Much useful information/links/sources from Jonathan Latham at CounterPunch:
As early as the death of Charles Darwin (1882) it was said that his thought (which for the most part meant Huxley’s interpretations) could be found “under a hundred disguises in works on law and history, in political speeches and religious discourses…if we try to think ourselves away from it we must think ourselves entirely away from our age” (John Morley, 1882, cited in Desmond 1998)
Thus the belief system that humans are controlled by an internal master molecule has become woven into myriad areas of social thought. It is far beyond the scope of this article to describe the consequences of genetic determinism at either the personal or the societal level (see instead The DNA Mystique), but the two world wars, the holocaust, racism, colonialism, eugenics, inequity, are each stronger as a consequence of, or might never have happened without, the idea of genetic determinism. The reason is that genetic determinism moulded “higher” and “lower”, “normal” and “abnormal”, into intrinsic and unmodifiable scientific properties of biological organisms and groups, rather than being what they were previously: questionable prejudices and dubious conceits. More.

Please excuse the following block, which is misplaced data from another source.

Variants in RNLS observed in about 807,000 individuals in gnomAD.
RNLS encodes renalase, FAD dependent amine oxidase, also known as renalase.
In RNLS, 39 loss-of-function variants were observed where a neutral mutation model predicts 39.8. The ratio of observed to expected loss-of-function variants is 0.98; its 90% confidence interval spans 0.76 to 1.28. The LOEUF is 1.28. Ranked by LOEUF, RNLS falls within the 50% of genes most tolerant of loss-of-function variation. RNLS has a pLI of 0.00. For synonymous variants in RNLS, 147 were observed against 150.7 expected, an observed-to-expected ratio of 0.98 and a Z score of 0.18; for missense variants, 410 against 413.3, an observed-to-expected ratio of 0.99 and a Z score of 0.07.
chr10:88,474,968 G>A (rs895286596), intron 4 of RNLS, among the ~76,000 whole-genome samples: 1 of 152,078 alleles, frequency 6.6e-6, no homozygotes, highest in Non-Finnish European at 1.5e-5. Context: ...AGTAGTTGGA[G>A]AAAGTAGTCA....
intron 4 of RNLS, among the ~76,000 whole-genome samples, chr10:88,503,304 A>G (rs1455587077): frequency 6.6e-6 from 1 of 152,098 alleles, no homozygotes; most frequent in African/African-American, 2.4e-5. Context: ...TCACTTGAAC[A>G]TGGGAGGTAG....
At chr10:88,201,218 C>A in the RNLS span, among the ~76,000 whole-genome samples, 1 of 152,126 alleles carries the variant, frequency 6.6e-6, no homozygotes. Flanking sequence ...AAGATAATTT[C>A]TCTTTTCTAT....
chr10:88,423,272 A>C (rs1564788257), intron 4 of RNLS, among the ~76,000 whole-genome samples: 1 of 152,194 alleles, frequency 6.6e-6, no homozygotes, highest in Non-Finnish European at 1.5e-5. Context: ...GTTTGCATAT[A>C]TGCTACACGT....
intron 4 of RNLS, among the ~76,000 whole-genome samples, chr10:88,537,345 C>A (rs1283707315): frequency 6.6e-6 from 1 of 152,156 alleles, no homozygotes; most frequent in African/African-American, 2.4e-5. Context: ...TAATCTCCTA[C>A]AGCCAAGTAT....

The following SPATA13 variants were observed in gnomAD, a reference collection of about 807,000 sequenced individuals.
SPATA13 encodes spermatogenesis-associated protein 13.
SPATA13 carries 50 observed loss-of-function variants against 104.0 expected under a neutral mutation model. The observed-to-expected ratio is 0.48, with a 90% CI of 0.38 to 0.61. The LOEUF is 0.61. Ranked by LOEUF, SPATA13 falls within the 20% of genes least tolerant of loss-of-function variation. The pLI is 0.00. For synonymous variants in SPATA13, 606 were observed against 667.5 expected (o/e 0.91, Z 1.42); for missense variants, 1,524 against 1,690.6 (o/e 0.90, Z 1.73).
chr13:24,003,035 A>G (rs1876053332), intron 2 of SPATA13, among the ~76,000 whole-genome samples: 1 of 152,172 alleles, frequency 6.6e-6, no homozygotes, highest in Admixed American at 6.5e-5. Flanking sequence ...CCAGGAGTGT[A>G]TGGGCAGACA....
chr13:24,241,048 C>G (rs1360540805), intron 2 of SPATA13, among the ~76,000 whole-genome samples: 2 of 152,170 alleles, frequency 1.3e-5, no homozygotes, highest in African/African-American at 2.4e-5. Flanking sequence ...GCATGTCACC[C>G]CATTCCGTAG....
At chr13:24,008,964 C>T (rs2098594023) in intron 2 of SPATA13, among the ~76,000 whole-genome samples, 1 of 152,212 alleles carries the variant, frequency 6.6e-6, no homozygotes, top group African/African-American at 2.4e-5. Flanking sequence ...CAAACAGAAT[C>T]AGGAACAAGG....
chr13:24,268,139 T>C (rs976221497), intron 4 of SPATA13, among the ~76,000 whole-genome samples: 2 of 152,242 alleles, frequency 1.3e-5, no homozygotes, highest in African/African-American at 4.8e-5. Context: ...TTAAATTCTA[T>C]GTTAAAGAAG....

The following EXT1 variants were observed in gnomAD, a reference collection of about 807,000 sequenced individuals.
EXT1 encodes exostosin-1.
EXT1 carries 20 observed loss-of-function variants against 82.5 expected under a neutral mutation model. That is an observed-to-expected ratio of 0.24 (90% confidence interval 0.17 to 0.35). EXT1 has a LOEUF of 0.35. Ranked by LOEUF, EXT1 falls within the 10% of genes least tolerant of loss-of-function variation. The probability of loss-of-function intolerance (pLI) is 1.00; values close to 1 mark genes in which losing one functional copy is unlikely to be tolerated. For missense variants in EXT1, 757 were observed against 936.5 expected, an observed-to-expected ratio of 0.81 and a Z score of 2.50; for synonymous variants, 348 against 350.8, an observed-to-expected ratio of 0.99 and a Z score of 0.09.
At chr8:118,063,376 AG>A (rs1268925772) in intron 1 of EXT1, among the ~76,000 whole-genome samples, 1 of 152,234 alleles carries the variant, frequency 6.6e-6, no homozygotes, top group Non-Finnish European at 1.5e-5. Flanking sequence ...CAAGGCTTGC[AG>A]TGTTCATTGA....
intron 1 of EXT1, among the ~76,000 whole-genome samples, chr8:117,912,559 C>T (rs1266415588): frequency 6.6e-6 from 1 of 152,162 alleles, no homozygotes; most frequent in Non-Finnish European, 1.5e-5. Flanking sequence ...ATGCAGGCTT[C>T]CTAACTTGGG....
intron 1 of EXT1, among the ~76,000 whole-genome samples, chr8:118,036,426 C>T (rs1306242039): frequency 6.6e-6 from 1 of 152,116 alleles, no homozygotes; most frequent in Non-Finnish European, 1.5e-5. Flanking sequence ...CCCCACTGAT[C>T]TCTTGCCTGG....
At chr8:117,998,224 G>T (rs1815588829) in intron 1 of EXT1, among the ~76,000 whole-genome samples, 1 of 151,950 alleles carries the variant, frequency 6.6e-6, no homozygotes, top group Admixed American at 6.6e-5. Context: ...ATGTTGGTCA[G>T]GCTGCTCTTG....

Yes. Some of us would say that Darwinism made various natural prejudices “science,” rendering them less susceptible to criticism than before. People who might at one time have been admonished from the pulpit to beware the false pride of ancestry might instead be informed from the lectern that they had inherited superior “genes.” That is, pride becomes a virtue, not a vice.
Whatever effect the change had (or didn’t have) on private human behaviour, it enabled some really bad public policy, like eugenics. We are still getting clear of that mess.
See also: Hi, Crime Gene, meet Epigenetics
There’s a gene for that… or is there?
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